Copper futures: how Museum science searches for the copper we need | Sustainability

by Professor Richard Herrington, Head of the Department of Earth Sciences

The world needs copper – we all need copper. It carries the electricity and hot water in our homes through cables and pipes. It is part of all the electrical appliances we use at home and in industry – an essential ingredient in any low-carbon economy. The sources and security of supply of copper are important in economic terms and of great interest for government policy and business strategy.

Photo showing the deposit in the mountain side.
Quellaveco deposit (not yet being mined) in the Peruvian Andes. The white markers in the landscape mark the extent of the copper mineralisation at surface.

Every person in the UK uses around 8kg of copper per year. Worldwide usage exceeds 24 million tonnes annually and, whilst around 41% of European copper needs are met by recycling, the demands of growing economies like China and India mean that 75% of this usage is met by mined metal. Copper can’t be grown and simply recycling what we have already extracted won’t keep pace with demands.

More than 75% of the copper we mine comes from porphyry copper deposits. These deposits, derived from porphyry magmas, are the largest sources of copper and molybdenum on the planet – and they also yield a significant part of the world’s gold supply. These deposits are increasingly hard to find: most that lie within a few hundred metres of the surface have already been discovered and exploited. Geologists looking for new deposits must therefore use the surface signals of buried deposits to guide the search for new ore.

A new paper published in the scientific journal Nature Geoscience by the author and colleagues (Porphyry copper enrichment linked to excess aluminium in plagioclase) proposes that such a signal can be found in the aluminium content of crystals in solidified magmas associated with nearby porphyry deposits.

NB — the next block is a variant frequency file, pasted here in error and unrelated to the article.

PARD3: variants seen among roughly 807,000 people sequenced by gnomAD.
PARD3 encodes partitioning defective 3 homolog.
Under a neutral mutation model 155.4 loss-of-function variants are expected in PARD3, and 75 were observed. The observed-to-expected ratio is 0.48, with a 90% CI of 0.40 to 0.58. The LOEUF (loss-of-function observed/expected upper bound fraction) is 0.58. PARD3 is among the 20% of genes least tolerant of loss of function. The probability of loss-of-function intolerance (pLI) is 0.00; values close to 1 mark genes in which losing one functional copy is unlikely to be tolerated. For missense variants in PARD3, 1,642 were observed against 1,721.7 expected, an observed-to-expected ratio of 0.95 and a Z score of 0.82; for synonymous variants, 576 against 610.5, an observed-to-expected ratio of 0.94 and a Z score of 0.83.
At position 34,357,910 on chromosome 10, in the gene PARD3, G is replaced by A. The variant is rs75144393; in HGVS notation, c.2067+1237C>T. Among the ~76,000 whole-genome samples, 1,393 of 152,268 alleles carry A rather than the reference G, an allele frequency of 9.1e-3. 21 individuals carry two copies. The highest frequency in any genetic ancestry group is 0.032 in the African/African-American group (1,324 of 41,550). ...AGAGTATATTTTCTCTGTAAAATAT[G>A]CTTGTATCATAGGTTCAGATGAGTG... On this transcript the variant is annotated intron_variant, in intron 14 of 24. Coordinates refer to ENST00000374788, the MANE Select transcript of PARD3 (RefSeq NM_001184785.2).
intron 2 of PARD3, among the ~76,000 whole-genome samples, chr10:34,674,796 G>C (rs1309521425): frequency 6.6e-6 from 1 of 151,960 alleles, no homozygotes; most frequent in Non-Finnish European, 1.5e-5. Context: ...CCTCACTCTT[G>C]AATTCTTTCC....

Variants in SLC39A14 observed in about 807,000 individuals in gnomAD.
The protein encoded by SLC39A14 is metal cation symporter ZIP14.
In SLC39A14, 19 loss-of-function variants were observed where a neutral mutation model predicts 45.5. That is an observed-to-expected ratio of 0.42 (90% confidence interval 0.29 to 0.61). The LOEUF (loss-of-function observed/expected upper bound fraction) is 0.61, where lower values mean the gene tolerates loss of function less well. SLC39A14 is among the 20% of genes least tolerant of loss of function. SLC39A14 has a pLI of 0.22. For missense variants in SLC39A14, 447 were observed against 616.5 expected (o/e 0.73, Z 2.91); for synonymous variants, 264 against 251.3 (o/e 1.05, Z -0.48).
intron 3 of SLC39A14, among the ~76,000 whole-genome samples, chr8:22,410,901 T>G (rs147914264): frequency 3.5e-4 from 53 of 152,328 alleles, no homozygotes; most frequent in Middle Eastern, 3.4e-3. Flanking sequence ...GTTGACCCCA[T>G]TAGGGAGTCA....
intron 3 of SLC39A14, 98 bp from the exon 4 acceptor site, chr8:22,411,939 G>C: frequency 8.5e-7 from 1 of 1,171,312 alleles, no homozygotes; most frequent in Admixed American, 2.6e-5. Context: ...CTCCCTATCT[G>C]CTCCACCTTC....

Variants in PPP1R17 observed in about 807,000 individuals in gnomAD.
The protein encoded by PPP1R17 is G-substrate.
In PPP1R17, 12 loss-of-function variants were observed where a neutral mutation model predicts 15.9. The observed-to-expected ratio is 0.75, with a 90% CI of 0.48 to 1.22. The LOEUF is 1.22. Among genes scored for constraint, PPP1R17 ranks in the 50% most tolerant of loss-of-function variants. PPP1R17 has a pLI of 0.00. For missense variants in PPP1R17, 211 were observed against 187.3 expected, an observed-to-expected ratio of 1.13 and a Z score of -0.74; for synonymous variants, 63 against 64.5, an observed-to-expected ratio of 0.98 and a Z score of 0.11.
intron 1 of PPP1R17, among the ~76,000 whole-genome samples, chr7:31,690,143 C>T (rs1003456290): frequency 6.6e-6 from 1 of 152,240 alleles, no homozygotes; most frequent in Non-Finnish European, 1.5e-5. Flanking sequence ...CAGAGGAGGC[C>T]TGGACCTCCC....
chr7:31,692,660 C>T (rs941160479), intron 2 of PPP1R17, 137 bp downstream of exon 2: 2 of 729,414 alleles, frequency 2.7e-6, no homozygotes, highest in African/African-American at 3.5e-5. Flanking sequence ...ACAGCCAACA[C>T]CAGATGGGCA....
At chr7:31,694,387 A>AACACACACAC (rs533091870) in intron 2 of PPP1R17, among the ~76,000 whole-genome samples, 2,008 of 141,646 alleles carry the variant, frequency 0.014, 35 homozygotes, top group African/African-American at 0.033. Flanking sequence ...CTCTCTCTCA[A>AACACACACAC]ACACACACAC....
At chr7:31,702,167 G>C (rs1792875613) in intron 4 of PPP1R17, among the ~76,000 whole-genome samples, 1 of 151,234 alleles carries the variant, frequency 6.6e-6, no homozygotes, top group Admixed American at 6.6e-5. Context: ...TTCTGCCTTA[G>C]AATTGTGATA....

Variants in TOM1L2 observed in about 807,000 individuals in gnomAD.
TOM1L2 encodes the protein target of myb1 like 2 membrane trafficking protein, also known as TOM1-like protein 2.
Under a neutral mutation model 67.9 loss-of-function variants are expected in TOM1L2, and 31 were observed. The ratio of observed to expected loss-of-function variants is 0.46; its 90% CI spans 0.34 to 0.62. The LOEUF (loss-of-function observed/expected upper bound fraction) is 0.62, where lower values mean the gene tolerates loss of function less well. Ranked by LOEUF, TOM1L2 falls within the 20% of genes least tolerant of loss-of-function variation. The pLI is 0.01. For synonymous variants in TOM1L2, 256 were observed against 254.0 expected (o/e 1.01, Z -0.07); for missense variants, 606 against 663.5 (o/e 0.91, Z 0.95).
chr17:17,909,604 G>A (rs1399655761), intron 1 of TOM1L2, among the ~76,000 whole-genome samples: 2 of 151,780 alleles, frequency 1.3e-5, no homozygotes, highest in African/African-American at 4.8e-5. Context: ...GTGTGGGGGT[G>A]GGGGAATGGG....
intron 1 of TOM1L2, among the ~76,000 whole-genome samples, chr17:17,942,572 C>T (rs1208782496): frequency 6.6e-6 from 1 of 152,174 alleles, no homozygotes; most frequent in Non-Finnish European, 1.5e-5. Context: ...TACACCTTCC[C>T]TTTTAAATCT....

Porphyry copper deposits can be huge and may carry billions of tonnes of ore but typically contain only 0.5–1.5% copper. The metals occur as sulfide minerals – in veins or disseminations – within a shallowly intruded magma body that forms at the base of volcanoes in active tectonic regions such as the Andes of South America. Rapid cooling of these magma bodies forms an igneous rock with a texture composed of both large and small crystals that geologists call ‘porphyritic’. It is this characteristic rock texture which gives rise to the name – porphyry copper deposit.

Current theory suggests that copper, the element sulphur and associated metals become concentrated in super-heated water-rich fluids that are released from crystallising porphyry magmas. Copper and other metals combine with the sulfur in the fluid to form sulfide minerals, which are then trapped as disseminations or veins within the rock. Most of the known porphyry copper deposits  occur in places such as the Andes and were found at or close to the surface by geologists using fairly routine discovery tools. However, as the shallow deposits become exhausted, we need to use more subtle surface clues to find where new deposits that are hidden at depth, improving the probability of discovery.